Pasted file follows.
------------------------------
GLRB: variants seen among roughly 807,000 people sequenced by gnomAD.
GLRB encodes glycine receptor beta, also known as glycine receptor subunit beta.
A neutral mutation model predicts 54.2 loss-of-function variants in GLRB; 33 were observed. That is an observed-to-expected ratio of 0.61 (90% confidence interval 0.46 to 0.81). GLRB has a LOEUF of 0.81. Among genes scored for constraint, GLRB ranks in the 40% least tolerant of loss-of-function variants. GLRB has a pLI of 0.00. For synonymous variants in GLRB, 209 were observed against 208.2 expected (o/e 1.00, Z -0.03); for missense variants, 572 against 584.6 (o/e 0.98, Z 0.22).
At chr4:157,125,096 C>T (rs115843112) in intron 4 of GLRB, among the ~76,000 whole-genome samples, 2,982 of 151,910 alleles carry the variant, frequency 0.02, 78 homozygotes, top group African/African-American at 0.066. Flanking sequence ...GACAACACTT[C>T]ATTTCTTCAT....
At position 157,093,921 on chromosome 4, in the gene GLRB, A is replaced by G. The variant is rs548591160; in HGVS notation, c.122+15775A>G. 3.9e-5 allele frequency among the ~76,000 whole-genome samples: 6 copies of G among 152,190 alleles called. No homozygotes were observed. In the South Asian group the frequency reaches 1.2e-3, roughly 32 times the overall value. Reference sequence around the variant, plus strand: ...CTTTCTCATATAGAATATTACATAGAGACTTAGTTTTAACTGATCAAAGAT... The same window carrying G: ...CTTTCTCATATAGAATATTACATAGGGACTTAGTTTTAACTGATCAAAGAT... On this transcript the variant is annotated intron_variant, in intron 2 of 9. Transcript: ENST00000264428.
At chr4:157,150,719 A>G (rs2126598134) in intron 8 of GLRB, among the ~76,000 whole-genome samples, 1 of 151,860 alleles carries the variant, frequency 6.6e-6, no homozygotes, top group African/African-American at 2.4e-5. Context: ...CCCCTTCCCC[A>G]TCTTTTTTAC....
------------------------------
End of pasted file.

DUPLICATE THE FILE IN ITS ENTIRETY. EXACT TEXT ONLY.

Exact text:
GLRB: variants seen among roughly 807,000 people sequenced by gnomAD.
GLRB encodes glycine receptor beta, also known as glycine receptor subunit beta.
A neutral mutation model predicts 54.2 loss-of-function variants in GLRB; 33 were observed. That is an observed-to-expected ratio of 0.61 (90% confidence interval 0.46 to 0.81). GLRB has a LOEUF of 0.81. Among genes scored for constraint, GLRB ranks in the 40% least tolerant of loss-of-function variants. GLRB has a pLI of 0.00. For synonymous variants in GLRB, 209 were observed against 208.2 expected (o/e 1.00, Z -0.03); for missense variants, 572 against 584.6 (o/e 0.98, Z 0.22).
At chr4:157,125,096 C>T (rs115843112) in intron 4 of GLRB, among the ~76,000 whole-genome samples, 2,982 of 151,910 alleles carry the variant, frequency 0.02, 78 homozygotes, top group African/African-American at 0.066. Flanking sequence ...GACAACACTT[C>T]ATTTCTTCAT....
At position 157,093,921 on chromosome 4, in the gene GLRB, A is replaced by G. The variant is rs548591160; in HGVS notation, c.122+15775A>G. 3.9e-5 allele frequency among the ~76,000 whole-genome samples: 6 copies of G among 152,190 alleles called. No homozygotes were observed. In the South Asian group the frequency reaches 1.2e-3, roughly 32 times the overall value. Reference sequence around the variant, plus strand: ...CTTTCTCATATAGAATATTACATAGAGACTTAGTTTTAACTGATCAAAGAT... The same window carrying G: ...CTTTCTCATATAGAATATTACATAGGGACTTAGTTTTAACTGATCAAAGAT... On this transcript the variant is annotated intron_variant, in intron 2 of 9. Transcript: ENST00000264428.
At chr4:157,150,719 A>G (rs2126598134) in intron 8 of GLRB, among the ~76,000 whole-genome samples, 1 of 151,860 alleles carries the variant, frequency 6.6e-6, no homozygotes, top group African/African-American at 2.4e-5. Context: ...CCCCTTCCCC[A>G]TCTTTTTTAC....